Flavored oral nicotine products, which do not contain tobacco but are not FDA-approved to help people quit smoking, are increasingly being marketed and sold in the United States, but researchers have not never measured their use among American adolescents.
In a new study, published this week in the journal Pediatrics, researchers at USC’s Keck School of Medicine surveyed more than 3,500 Southern California teenagers about the nicotine products they use. New flavored oral nicotine products rank second: 3.4% of teens have used them at least once, while 1.7% have used them in the past six months. E-cigarettes, also known as vapes, were the most popular nicotine product, with 9.6% of teens having used them at least once and 5.5% of teens having used them in the past six months. Cigarettes, cigars, hookah and other products were less popular.
“Surprisingly, these novel flavored oral nicotine products were the second most commonly used product among our sample, just behind e-cigarettes,” said study lead author Alyssa F. Harlow, PhD. , MPH, postdoctoral fellow in the Department of Population Sciences and Public Health at USC’s Keck School of Medicine.
Nicotine exposure during adolescence can impair brain development, cause problems with learning, memory and attention, and lead to nicotine addiction.
“Our findings are concerning because these products are often high in nicotine, which we know is harmful to teenagers, and they are really easy to hide and conceal. They also come in sweet flavors that may appeal to teens,” like “cherry bomb” and “mixed fruit,” Harlow said.
Prevalence and disparities
The research team collected data in 2021 as part of an ongoing study of the behavioral health of adolescents in Southern California. Participants included 3,516 ninth graders and 10e students at 11 high schools in Los Angeles, Riverside, San Bernardino, Orange and Imperial counties.
After e-cigarettes, oral nicotine products without tobacco flavor (gum, lozenges, tablets, and gummies) were the most commonly used products. Combustible tobacco products rank third, with 2% of teens reporting ever having used cigarettes, cigars, cigarillos, or hookah and 1.3% having used one or more of these items in the past six months. Less than 1% of teens had ever used other nicotine products, such as sachets or snus, or in the past six months. Use of flavored oral nicotine products was more common among adolescents who had also used other nicotine products, such as cigarettes or e-cigarettes.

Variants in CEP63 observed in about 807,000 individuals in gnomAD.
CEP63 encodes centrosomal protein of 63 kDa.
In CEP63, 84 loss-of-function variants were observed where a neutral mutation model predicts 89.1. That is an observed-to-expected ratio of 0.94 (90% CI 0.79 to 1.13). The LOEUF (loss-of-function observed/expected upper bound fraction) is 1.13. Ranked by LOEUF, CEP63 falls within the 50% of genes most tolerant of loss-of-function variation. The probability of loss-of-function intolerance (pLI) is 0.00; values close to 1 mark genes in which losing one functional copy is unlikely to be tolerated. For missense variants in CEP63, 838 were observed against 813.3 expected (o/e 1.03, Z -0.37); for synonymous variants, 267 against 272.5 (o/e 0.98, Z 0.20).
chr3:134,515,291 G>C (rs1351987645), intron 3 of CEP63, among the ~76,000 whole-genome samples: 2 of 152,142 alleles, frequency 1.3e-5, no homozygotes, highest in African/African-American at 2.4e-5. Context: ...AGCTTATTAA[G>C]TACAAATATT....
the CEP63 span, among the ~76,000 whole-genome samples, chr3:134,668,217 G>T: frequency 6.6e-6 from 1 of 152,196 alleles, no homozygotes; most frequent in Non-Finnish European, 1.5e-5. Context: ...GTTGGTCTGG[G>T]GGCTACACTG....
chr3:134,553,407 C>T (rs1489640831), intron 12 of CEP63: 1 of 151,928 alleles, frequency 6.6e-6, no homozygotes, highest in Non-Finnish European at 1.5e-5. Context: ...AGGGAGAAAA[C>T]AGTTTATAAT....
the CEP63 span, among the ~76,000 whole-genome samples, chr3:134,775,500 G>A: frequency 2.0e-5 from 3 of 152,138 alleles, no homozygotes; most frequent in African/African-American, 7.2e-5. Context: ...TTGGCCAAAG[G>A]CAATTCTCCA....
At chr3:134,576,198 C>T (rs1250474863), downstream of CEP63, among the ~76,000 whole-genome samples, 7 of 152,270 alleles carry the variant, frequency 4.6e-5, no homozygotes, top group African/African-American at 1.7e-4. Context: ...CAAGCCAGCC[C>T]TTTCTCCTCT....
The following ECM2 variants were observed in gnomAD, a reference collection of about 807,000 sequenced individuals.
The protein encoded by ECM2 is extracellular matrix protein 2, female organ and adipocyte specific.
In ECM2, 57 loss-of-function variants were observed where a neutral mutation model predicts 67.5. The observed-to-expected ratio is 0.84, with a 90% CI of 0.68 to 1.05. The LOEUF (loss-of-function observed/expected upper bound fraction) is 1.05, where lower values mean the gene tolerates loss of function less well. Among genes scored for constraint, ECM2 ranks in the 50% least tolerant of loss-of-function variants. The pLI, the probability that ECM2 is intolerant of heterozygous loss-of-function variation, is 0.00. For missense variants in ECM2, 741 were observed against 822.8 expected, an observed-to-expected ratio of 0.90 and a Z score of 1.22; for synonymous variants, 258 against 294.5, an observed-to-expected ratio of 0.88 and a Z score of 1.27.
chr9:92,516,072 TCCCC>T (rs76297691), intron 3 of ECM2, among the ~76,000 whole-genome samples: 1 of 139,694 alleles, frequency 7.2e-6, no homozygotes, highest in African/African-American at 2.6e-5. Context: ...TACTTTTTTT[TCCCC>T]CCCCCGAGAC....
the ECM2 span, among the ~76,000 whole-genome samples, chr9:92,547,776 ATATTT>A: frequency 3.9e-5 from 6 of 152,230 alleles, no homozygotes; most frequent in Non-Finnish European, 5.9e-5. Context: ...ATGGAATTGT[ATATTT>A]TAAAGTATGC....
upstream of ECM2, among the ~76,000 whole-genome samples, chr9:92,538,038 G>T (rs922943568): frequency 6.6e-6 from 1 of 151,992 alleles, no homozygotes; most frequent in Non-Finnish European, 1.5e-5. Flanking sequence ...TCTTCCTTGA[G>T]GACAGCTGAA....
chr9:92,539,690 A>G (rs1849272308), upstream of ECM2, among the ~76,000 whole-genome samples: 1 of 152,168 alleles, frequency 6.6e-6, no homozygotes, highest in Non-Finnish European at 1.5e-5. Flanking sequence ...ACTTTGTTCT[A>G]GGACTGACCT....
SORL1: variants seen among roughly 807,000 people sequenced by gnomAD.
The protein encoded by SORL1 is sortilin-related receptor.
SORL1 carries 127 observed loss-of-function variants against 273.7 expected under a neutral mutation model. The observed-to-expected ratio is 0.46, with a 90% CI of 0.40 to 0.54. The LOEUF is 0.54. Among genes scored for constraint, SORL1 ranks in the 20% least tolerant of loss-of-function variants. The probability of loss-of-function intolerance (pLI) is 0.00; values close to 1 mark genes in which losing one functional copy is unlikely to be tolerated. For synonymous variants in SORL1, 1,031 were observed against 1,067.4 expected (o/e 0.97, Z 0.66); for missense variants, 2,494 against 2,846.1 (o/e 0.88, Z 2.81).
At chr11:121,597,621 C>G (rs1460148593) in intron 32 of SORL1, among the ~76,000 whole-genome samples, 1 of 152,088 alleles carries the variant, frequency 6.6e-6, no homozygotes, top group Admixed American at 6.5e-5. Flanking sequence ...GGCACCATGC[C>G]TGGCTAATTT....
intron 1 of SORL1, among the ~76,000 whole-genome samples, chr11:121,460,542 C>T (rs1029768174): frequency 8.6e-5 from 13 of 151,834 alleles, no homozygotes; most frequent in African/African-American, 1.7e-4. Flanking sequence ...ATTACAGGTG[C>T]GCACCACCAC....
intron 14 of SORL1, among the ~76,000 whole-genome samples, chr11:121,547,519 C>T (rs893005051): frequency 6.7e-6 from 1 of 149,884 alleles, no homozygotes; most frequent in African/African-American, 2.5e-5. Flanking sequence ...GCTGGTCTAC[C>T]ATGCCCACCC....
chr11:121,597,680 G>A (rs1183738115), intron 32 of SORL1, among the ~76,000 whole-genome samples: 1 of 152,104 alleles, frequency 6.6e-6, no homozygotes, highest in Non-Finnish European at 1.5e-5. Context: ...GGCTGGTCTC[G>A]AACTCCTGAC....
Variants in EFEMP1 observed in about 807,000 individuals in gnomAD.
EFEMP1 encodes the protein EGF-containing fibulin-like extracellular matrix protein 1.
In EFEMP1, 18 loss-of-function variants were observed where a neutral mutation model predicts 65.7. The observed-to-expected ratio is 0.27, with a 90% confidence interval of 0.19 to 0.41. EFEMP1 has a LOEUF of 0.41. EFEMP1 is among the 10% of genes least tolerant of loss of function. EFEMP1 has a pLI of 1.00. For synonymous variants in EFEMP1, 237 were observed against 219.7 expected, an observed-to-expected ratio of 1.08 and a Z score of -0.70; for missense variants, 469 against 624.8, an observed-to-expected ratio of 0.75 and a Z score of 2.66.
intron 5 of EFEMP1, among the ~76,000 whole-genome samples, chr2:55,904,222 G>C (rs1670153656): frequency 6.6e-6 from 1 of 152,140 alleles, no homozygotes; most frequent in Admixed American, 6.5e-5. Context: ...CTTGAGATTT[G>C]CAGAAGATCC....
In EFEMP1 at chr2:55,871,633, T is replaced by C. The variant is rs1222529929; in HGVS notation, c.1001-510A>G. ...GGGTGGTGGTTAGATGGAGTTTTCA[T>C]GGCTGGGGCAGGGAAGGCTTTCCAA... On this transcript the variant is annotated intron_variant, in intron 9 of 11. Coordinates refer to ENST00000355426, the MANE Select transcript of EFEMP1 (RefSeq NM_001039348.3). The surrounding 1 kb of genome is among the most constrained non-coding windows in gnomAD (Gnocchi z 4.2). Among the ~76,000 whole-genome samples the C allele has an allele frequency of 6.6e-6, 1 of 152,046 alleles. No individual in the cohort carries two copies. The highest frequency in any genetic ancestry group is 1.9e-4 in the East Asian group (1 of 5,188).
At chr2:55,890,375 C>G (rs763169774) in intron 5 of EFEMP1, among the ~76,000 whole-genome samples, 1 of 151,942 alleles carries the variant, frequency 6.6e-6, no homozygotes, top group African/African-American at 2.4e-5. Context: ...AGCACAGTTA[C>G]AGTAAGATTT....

The researchers also found that the use of flavored oral nicotine products was higher among Hispanic teens, teenage girls, and teens who identified as LGBTQ.
“Some of these subpopulations are young people who have historically been impacted by tobacco-related disparities,” Harlow said. “It is important for us to continue to monitor the use of these products among young people to determine the potential influence on these disparities.”
Monitoring of nicotine consumption
National surveys that monitor nicotine use among adolescents, including the Center for Disease Control and Prevention’s Behavioral Risk Factor Surveillance System and the Food and Drug Administration’s Tobacco Population and Health Assessment , do not yet follow the new flavored oral nicotine products. Given the popularity of these products in the current sample and the fact that they may appeal to young people, Harlow said it’s essential to track their popularity with teens and young adults.
“At the moment, we don’t really know what the public health implications are,” she said. “That’s why monitoring at the national level is really the first and most important step.”
Although these products can be harmful for young people, they offer a potentially less harmful alternative for adults looking to quit smoking or vaping. Harlow and his colleagues are studying young adult vapers to find out how the appeal of new flavored oral nicotine products compares to that of FDA-approved withdrawal products.
They are also continuing to collect data from the sample of Southern California high school students and plan to conduct longitudinal analyzes of nicotine use to determine how the use of flavored oral nicotine products may be linked to other behaviors, such as vaping and smoking, over time. .
About this study
Besides Harlow, the other study authors are Erin Vogel, Alayna P. Tackett, Junhan Cho, Dae-Hee Han, Melissa Wong, Myles G. Cockburn, Steve Y. Sussman, Jennifer B. Unger, Adam M. Leventhal and Jessica. L. Barrington-Trimis of the USC Institute for Addiction Science and the Department of Population Sciences and Public Health, USC Keck School of Medicine.
This work was supported by the National Cancer Institute and the Food and Drug Administration Center for Tobacco Products [U54CA180905]the national cancer institute [R01CA229617]National Institute on Drug Abuse [K24DA048160; K01DA042950] and the National Heart, Lung, and Blood Institute [K01HL148907].